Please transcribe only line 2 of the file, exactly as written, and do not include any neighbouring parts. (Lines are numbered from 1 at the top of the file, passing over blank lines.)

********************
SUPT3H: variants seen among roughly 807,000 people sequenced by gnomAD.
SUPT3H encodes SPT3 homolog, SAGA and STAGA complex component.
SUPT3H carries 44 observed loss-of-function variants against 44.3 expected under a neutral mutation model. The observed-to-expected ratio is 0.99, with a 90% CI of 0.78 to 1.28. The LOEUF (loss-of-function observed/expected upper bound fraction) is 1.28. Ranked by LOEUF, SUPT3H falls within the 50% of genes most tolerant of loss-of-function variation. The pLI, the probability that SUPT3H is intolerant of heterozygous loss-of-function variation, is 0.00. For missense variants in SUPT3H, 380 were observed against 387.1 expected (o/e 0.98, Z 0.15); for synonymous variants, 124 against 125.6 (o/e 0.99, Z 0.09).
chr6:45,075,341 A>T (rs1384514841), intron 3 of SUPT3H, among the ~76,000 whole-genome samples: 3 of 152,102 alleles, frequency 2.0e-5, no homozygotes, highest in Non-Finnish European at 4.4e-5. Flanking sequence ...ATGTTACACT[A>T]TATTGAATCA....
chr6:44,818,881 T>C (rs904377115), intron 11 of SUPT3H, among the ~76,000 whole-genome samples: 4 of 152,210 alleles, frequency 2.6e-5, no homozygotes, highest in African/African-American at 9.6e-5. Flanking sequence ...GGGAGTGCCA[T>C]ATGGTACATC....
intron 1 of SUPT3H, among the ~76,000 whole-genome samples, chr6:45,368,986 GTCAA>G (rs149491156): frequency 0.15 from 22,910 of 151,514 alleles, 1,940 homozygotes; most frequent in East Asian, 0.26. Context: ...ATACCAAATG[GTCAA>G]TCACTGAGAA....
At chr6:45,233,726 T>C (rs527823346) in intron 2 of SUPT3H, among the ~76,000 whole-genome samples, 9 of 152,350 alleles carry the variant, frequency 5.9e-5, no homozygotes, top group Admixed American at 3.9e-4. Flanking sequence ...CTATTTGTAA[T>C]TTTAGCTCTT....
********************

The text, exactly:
SUPT3H encodes SPT3 homolog, SAGA and STAGA complex component.